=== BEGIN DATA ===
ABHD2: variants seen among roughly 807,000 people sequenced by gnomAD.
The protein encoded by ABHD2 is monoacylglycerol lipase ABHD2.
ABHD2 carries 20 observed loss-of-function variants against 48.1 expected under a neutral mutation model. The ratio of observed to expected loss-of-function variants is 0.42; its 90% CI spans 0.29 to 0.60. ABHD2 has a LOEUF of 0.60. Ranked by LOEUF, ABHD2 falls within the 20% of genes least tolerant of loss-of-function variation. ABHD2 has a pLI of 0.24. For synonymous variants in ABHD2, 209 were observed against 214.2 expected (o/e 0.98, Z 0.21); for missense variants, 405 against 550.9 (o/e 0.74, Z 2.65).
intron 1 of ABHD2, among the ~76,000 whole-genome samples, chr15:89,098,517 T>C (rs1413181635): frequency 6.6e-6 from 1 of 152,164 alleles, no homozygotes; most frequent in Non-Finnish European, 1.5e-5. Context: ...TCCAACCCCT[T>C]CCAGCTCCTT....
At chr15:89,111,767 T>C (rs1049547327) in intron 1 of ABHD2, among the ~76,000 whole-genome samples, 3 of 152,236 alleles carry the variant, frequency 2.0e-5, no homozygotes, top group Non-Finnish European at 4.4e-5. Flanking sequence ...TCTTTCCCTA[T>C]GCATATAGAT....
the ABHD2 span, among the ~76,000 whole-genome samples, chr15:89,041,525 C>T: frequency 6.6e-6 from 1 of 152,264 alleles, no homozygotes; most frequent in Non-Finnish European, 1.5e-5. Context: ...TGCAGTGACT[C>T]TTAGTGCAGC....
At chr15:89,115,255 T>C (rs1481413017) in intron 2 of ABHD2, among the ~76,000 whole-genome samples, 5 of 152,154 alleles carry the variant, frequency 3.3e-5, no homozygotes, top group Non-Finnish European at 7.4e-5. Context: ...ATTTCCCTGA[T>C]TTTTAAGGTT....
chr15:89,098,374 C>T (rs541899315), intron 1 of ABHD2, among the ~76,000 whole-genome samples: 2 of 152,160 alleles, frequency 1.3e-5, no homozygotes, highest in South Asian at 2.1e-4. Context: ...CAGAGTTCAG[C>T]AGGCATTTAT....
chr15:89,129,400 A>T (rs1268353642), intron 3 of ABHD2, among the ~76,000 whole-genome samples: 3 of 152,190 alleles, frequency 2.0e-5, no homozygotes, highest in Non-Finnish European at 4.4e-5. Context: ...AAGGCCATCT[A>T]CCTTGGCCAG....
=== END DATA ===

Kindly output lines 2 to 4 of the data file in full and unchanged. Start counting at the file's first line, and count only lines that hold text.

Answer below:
The protein encoded by ABHD2 is monoacylglycerol lipase ABHD2.
ABHD2 carries 20 observed loss-of-function variants against 48.1 expected under a neutral mutation model. The ratio of observed to expected loss-of-function variants is 0.42; its 90% CI spans 0.29 to 0.60. ABHD2 has a LOEUF of 0.60. Ranked by LOEUF, ABHD2 falls within the 20% of genes least tolerant of loss-of-function variation. ABHD2 has a pLI of 0.24. For synonymous variants in ABHD2, 209 were observed against 214.2 expected (o/e 0.98, Z 0.21); for missense variants, 405 against 550.9 (o/e 0.74, Z 2.65).
intron 1 of ABHD2, among the ~76,000 whole-genome samples, chr15:89,098,517 T>C (rs1413181635): frequency 6.6e-6 from 1 of 152,164 alleles, no homozygotes; most frequent in Non-Finnish European, 1.5e-5. Context: ...TCCAACCCCT[T>C]CCAGCTCCTT....